Ten Richest People in MalaysiaSamuel Medley
May 31, 2013
Malaysia has been a locus for lucrative mercantile enterprise and adaptive entrepreneurship ever since the myth-shrouded days of Srivijaya, and the individuals found on this list make it resoundingly clear that the positive attributes of Malaysia’s economic past have not waned. Though each one possesses the business savy and political acumen that are the staple qualities of billionaires of every stripe, the unique talents that have helped establish their fortunes are sure to delight and inform. Whether hard work and persistence, inheritance, or the beneficent fluctuations of the global market have brought these men (and woman) to where they are today, their achievements are a testament to what can be achieved should one consistently act at the right time.
10. Vincent Tan: Worth $1.300 Billion
This self-made billionaire made his fortune with the Berjaya Group Conglomerate, founded in 1984. The Berjaya Group controls a wide variety of businesses including resorts, gambling, food and beverages and property. Vincent Tan also operates the MiTV, Malaysia’s second largest pay TV service launched in September 2005.
Vincent Tan’s numerous business achievements are frequently attributed to his association with Mahathir Mohammad, Malaysia’s former Prime Minister.
9. Tiong Hiew King: Worth $1.800 Billion
Renowned as a prominent Timber Tycoon, Tiong Hiew King founded his logging corporation, the Rimbunan Hijau Group, in 1975. Tiong is currently investing significantly in oil-and-gas explorative operations in China and Myanmar as well as his native Malaysia. As if being a lucrative Timber Tycoon weren’t enough, Tiong is currently attempting to add ‘media mogul’ to his host of titles. He currently owns seven Chinese-language newspapers and 30 magazines.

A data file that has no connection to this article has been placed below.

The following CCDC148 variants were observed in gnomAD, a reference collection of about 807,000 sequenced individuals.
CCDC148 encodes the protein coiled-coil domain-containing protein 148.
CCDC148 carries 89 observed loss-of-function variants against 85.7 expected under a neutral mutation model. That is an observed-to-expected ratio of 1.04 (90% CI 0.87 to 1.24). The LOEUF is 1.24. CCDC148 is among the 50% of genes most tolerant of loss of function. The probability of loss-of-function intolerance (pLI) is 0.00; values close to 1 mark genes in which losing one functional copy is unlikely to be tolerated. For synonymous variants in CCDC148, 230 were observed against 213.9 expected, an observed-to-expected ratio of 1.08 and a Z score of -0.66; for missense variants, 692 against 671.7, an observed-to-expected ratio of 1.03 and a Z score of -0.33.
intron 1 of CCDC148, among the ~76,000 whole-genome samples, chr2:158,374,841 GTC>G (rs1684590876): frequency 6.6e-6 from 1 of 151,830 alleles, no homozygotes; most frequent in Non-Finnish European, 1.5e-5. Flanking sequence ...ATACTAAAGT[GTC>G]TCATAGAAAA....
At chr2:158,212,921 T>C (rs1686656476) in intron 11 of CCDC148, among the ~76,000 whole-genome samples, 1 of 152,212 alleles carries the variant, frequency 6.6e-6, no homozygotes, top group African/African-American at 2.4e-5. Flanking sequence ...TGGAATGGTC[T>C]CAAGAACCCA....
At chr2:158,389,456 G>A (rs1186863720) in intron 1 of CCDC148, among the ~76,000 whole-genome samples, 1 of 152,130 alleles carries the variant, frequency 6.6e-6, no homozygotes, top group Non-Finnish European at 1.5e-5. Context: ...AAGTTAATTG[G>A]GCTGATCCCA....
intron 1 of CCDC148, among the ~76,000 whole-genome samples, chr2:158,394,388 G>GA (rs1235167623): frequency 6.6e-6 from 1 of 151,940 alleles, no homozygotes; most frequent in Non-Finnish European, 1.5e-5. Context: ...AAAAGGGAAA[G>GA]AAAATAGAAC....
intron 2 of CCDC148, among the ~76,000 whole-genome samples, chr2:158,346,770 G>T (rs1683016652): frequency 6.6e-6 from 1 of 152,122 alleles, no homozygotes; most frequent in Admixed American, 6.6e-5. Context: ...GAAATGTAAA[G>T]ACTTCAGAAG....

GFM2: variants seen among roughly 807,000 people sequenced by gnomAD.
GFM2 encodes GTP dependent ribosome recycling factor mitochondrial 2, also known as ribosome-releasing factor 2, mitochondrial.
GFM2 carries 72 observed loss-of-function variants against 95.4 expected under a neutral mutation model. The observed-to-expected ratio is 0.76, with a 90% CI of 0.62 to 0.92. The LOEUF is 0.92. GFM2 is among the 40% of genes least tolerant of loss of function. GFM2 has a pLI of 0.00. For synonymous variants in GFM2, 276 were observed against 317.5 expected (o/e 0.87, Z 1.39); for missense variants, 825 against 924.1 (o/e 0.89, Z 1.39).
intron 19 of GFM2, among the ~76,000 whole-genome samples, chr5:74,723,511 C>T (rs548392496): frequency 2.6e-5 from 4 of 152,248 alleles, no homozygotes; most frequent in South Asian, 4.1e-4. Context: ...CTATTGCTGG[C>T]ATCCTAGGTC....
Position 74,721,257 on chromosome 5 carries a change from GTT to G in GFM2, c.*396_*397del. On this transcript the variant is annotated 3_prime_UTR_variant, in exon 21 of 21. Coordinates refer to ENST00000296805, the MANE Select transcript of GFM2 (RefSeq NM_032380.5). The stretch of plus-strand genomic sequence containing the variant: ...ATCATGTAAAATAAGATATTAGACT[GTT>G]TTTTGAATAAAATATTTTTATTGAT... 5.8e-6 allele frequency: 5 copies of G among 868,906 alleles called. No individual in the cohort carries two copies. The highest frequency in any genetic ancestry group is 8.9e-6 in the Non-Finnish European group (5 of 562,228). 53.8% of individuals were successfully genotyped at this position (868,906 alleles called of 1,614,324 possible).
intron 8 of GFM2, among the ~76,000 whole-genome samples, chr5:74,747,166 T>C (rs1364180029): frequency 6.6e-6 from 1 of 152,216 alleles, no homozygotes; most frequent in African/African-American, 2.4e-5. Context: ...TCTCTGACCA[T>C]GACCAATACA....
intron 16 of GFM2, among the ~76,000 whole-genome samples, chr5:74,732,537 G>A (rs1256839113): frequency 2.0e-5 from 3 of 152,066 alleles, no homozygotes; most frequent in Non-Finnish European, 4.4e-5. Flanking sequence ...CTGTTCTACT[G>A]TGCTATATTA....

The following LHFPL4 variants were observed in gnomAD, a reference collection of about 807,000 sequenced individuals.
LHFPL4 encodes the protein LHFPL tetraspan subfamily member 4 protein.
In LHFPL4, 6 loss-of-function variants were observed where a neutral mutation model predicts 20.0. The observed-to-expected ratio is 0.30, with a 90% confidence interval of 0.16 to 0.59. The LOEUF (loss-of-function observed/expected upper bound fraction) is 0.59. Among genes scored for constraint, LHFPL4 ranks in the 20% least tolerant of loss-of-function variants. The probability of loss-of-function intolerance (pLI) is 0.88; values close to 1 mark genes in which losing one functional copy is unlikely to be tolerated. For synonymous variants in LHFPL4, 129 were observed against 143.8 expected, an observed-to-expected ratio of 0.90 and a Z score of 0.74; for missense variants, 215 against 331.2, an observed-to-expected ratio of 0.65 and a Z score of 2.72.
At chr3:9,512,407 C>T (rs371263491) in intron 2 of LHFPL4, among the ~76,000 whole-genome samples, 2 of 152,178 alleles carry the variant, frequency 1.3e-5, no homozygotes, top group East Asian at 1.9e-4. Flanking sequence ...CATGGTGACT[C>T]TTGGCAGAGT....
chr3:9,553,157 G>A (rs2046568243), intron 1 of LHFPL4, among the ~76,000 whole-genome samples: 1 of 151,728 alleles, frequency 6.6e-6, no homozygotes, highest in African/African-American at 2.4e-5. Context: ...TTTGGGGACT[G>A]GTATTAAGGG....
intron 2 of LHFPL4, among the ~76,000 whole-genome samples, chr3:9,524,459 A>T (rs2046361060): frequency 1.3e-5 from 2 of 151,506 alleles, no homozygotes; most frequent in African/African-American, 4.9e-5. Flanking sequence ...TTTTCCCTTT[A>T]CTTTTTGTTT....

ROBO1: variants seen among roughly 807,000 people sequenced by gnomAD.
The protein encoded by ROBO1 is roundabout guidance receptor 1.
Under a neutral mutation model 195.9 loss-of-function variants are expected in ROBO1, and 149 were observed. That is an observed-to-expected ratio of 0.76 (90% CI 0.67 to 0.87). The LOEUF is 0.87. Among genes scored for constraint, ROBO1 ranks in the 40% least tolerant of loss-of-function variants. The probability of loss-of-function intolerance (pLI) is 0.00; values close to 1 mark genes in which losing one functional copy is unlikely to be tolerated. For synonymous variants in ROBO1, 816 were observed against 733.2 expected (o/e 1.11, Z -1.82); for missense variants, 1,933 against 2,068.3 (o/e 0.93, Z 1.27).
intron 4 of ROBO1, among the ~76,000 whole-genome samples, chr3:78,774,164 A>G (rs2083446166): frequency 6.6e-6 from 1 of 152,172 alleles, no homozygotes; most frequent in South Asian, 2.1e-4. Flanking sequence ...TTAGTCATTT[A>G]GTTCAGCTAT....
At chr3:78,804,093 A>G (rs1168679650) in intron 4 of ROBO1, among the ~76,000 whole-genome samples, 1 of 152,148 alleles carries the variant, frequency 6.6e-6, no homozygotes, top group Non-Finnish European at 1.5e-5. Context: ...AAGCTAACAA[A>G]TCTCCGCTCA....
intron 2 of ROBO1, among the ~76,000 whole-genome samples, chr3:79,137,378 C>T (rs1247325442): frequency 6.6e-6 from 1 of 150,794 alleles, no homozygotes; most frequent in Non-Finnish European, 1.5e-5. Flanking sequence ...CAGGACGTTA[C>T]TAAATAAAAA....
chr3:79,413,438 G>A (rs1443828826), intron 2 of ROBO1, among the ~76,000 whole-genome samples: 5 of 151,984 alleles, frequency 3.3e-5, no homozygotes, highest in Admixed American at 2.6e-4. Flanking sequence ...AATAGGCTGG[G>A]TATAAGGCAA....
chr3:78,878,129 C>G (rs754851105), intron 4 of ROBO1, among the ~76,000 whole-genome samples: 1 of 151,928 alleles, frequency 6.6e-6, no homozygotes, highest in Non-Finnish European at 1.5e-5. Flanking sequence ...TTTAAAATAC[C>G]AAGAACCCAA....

8. Syed Mokhtar AlBukhary: $2.75 Billion
The richest Corporate Bumiputra figure in Malaysia, Syed Mokhtar AlBukhary is also the country’s largest private borrower. His diverse involvement in logistics, transportation, plantation, property development and defense sectors have cumulated his massive fortune. Although several of his initiatives – notably his clearance of mangroves for the development of Johor Port – have brought AlBukhary into the spotlight for the wrong reasons, he has also received several accolades including being rewarded as Tokoh Ma’al Hijrah for his contributions to national development.
AlBukhary’s subsidiary companies have achieved a virtual monopoly over some of Malaysia’s crucial sectors including ports, rice-farming and power. This monopoly has largely been achieved via AlBukhary’s political connections.
7. Yeoh Tiong Lay: $2.8 Billion
Founder of the YTL Corporation, Malaysia’s most successful infrastructure conglomerate- established in 1955, Yeoh Tiong Lay has been lauded for his philanthropy as well as his industrial tenacity. Cement has become a core business for YTL, as have the corporation’s two power plants in Indonesia. Yeoh also owns PowerSeraya, one of the key energy companies in Singapore.